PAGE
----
When I See Your Face, Part 10
“Since you liked the day and don’t think me a mean slave driver…would you…do you want to help me finish the work tomorrow?” he blurted out.
She stared at him for a moment, the sentence she had been dreading and wishing for ringing loudly inside her with all its delicious possibilities and uncertain shadows. Before he had the time to take his suggestion back or stutter some explanations, she nodded, hopefully not too eagerly.
A smile flashed across his face, brighter than all the smiles before and making her want to hug him. The urge was so strong that she actually took a step back. His gaze darted toward her feet and his expression lost some of its boyish enthusiasm.
“Great! See you tomorrow?”
“Yes. See you tomorrow.”
He leaned forward a fraction, and she wondered whether he would kiss her goodnight. Her feet took another step back and she almost toppled backward because her heels met with the first step. During her ridiculous effort to regain her balance and stop blushing bright red, he shot out a steadying hand. It stayed on her arm a little longer than necessary. She wouldn’t look up, afraid that he was laughing at her, equally afraid that his eyes would still look at her with such longing.
The spot where his hand had rested felt cold when he withdrew it. She felt cold all over when he stepped back, obviously ready to go. These village evenings sure got chilly all of a sudden.
“Bye,” he half-whispered before he turned and walked away, picking up the bicycle he had leaned against a wall.
Uncertainty and something else that she couldn’t put into words gripped her and made her call after him.
He wheeled back toward her so fast that he was a blur of color, like a running dog yanked back by its leash. There was so much hope on his face that she felt all shaky inside again. How could a man’s face express such emotions so openly? Why had Mark’s face always been as clean as a white sheet and as unreadable as a closed book? Remembering Mark did the trick, as usual. She returned to her senses and asked, “I was wondering when and where we should meet tomorrow?”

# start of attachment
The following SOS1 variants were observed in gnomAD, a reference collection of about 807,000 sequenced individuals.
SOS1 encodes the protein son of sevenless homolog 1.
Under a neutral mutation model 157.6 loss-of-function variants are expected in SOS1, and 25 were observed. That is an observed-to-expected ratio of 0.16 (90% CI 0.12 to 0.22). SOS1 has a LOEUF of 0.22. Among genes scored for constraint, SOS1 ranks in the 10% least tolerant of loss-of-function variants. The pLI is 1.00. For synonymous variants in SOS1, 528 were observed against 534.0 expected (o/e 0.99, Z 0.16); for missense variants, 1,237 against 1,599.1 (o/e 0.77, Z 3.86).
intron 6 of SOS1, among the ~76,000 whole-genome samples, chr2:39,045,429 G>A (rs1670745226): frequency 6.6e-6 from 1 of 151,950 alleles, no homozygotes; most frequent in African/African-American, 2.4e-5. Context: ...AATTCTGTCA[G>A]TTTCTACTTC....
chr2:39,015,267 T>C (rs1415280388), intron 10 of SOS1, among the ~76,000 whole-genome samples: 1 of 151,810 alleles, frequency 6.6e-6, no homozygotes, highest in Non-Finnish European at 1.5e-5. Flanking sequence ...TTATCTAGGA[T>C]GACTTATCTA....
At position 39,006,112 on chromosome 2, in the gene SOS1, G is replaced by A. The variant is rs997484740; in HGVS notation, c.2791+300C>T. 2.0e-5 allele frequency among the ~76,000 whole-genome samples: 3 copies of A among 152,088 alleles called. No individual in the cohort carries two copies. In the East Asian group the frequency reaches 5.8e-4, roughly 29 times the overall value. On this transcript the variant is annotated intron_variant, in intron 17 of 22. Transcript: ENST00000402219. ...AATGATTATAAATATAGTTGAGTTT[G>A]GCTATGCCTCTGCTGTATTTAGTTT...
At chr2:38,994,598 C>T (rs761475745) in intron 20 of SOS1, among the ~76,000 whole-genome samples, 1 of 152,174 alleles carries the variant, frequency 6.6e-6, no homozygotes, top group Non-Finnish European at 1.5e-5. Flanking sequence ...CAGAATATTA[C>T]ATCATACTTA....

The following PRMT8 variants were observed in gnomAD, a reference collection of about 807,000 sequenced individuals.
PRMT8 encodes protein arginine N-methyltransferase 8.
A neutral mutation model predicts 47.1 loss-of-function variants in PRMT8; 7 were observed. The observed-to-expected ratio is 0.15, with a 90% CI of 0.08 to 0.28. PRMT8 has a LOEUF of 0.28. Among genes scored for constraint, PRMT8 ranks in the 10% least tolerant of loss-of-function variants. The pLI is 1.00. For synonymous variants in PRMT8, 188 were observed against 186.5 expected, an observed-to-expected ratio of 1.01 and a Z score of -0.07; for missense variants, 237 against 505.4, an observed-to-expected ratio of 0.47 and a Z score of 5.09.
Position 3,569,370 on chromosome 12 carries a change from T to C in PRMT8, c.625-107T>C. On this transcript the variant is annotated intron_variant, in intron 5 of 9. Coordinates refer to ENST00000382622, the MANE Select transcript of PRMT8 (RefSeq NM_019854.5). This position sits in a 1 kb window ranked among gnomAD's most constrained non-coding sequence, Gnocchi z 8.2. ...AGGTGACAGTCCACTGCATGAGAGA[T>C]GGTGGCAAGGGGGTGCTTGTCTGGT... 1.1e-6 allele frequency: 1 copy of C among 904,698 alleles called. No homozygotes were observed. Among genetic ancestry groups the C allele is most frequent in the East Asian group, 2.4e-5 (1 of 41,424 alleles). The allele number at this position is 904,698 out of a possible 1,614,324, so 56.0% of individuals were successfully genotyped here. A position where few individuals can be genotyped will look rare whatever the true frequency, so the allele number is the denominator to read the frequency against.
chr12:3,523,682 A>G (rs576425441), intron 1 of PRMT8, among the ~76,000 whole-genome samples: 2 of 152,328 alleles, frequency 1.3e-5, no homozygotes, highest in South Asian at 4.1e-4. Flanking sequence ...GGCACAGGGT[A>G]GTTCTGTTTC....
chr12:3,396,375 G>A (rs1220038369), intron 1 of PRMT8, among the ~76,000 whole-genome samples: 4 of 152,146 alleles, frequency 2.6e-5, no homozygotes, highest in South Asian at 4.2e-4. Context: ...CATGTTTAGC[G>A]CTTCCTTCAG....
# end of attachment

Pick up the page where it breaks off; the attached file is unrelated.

A flicker of disappointment marred his face, or maybe it was an evening shadow and she was interpreting way too much into all this.
“Well, I didn’t get a chance to buy my groceries today. So maybe today’s time at the shop?”
She nodded. With a strange determination not to prolong this goodbye, she went up the stairs and opened the front door. When an inexplicable wish made her look over her shoulder, he was still standing where she had left him, gazing after her. He raised a hand and waved at her, a smile on his face. Then he turned and walked back the way he had come instead of riding his bicycle. She watched until he turned a corner and hastened to her room, a dozen different emotions warring inside her.
She was dreaming. She must be, for she was sitting on that table in the office cafeteria where Mark had spoken to her for the first time. Here he was, entering the cafeteria with that utterly masculine confidence of his, head held high and shoes clicking on the tiled floor. She blushed just from looking at him, knowing how much she—and the majority of the girls in the room, heck, in the whole building—wanted him. He was scanning the tables until his gaze fell upon her. Magically, he walked right over to her table and sat down opposite her as though it were the most natural thing in the world.
Mark Nolan, sitting down with her, opening his mouth to speak to her and not one of the other, more beautiful and more suitable women, and looking like the catch of the year in his black pin-striped suit and with his toothy million-dollar-smile. She remembered all too well what his first lines had been: “Hello. I’m Mark Nolan. Would you care to be my date this evening?” At that time, she had nearly fainted and been unable to answer with anything but a squeaky “What?”
Now, in her dream, he opened his mouth and said something totally else: “Remember me. We will meet again.”
Out of the blue, his hand shot out and slapped her so hard across the face that she fell backward, her chair clattering loudly to the tiled floor and the back of her head hitting something hard with a dull crack.
(To be continued tomorrow!)
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